Behavioral drivers of adoption of improved production standards by dairy farmers and beekeepers in Georgia

Implementing GEOGAP in honey and milk production – what are the drivers of Georgian farmers’ behavior?

Behaviour Science based study conducted by the Behavior Insights, Strategy, and Communication Partners (BISC Partners) under the project “Capacitated Agricultural Practices and Consumer Awareness (CAPCA)” presented the complex factors influencing honey and milk production practices in Georgia. Funded under the European Neighborhood Program for Agriculture and Rural Development (ENPARD IV) of the European Union, this research aims to determine the main motivators and barriers to the introduction of Geogap in milk and honey production.

Key findings from the study include:

Difficulties or challenges that drive the desire for change (PAINS):

  • Lack of Agricultural Equipment: Many farmers face challenges due to equipment scarcity, which affects their ability to cultivate land and maintain high-quality milk production.
  • Human Resource Challenges: A significant issue is the general lack of interest in farm work, impacting farm operations. 
  • Banking Relations: High interest rates from banks create financial hurdles for farmers, affecting their capacity to implement improved standards. 
  • Grant Application Issues: Farmers face difficulties in obtaining grants due to technical errors, lack of feedback, and a lack of diligence from banks. 
  • Sales channels: Farmers often struggle to find direct sales channels, while at the same time try to stay away from the wholesalers.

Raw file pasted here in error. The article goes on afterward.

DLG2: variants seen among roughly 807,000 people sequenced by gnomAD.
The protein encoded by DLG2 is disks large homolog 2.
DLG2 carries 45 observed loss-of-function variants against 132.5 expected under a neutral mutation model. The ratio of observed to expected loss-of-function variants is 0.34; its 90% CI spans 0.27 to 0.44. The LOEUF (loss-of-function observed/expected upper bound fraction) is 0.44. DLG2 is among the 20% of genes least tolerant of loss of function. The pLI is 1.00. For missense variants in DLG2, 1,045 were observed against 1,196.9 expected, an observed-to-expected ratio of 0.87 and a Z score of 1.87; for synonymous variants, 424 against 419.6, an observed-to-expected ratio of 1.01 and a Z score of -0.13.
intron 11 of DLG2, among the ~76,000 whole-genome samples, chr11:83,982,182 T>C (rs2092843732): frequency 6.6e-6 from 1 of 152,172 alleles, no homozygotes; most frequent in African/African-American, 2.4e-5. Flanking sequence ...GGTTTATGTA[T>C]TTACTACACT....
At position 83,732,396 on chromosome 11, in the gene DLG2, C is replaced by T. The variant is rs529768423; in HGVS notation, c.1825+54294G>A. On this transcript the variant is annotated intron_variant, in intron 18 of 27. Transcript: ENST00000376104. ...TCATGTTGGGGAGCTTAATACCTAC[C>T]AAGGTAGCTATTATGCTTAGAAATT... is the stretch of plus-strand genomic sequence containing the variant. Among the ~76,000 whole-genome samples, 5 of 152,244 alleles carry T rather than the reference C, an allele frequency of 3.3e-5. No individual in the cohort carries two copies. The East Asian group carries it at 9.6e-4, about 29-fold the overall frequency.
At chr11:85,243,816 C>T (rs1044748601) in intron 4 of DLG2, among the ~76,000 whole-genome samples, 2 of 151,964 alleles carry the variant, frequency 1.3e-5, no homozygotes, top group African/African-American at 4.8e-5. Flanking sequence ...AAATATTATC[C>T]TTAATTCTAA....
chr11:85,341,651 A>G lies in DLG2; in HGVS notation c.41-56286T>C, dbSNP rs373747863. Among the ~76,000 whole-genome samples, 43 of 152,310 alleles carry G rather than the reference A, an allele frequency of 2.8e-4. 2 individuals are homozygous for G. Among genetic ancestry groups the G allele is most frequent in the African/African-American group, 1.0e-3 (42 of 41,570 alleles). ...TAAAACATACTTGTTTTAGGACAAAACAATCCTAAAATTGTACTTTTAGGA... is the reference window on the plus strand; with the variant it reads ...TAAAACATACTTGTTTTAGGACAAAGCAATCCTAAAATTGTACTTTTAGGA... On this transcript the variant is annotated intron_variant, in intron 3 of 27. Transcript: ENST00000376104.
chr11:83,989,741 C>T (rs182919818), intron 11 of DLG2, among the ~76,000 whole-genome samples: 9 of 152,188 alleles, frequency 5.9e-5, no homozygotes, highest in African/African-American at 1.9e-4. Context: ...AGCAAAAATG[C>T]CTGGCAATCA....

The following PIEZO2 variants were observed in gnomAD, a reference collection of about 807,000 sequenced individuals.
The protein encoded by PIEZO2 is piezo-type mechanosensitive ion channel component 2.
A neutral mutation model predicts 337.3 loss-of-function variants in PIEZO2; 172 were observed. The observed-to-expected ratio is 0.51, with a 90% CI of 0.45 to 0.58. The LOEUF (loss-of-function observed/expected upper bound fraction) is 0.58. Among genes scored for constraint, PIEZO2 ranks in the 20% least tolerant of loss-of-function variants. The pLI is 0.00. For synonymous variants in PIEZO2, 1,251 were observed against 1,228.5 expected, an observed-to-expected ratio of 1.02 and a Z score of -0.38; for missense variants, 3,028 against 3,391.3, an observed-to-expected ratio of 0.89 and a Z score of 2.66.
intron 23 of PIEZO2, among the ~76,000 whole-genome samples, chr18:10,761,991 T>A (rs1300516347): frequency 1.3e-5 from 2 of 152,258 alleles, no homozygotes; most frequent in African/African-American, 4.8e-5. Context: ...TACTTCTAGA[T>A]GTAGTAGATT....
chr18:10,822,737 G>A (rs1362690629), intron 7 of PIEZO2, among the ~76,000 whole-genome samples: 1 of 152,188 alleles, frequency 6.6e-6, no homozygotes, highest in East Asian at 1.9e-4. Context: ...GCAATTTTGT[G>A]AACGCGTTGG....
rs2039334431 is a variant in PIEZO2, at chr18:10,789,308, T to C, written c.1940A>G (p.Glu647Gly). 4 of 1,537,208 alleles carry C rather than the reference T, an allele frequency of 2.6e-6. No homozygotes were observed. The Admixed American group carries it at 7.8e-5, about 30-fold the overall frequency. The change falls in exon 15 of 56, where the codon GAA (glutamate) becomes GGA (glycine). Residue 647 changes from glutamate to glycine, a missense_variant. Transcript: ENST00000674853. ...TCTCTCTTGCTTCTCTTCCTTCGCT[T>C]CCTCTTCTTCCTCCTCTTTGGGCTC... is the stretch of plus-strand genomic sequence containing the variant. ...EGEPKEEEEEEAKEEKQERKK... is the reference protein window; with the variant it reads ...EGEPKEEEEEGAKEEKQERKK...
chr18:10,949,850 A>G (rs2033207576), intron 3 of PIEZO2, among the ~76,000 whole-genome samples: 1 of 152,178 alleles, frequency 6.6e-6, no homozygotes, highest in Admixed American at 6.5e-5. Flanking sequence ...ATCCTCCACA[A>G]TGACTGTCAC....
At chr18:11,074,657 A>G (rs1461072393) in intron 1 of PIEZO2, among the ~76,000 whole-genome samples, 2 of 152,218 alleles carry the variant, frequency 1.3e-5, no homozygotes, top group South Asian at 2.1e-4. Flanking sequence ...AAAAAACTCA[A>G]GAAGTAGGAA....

Perceived benefits of change (GAINS):

  • Improved Product Quality: Farmers recognize that adopting the GEOGAP leads to products of  improved quality, making them more competitive in the market.
  • Access to New Markets: Dairy farmers expect to sell their products at higher prices and reach larger retailers and supermarkets with similar standards.
  • Feeling of Security: Implementing Geogap standards can provide a sense of security and assurance, potentially leading to more support and assistance in the form of grants and programs.
  • Efficiency: Implementing standards can lead to better resource use and reduced farm costs.

Habits and Existing Routines (COMFORTS) that are barrier to change:

  • Family Business: Farming is perceived as a family business, and employment outside the family is considered derogatory.

Fears associated with change or new developments (ANXIETIES):

  • Unrealistic Standards: Many farmers find the standards mandated by Geogap infeasible due to their financial constraints, lack of human resources, and absence of suitable laboratories for quality tests.
  • Grant Application Discomforts: Farmers face difficulties related to proposal writing and paperwork when applying for grants, with many feeling overlooked in favour of already successful farmers.

Goals and aspirations, values of the change: Jobs To Be Done (JTBD)

  • Functional: Want more income, save money, and optimize operations. 
  • Emotional: Want to feel assured, safeguard family traditions, and cherish the bond with animals. 
  • Social: Uphold family traditions, contribute to family prosperity, and achieve stable farming activity.

The study offers a set of recommendations for interested parties, including policymakers, governmental and non-governmental organizations. The recommendations focus on aligning the physical and social context with prevailing psychological factors, promoting a nurturing environment for farmers to embrace change easily. 

The research underscores the importance of understanding the many-sided nature of farmers’ decisions and the need for tailored strategies to encourage the adoption of improved farming standards in Georgia. It also highlights the potential for leveraging behavioral science to drive positive change in agricultural practices.

Read the study summary in English

The full study can be found in Georgian


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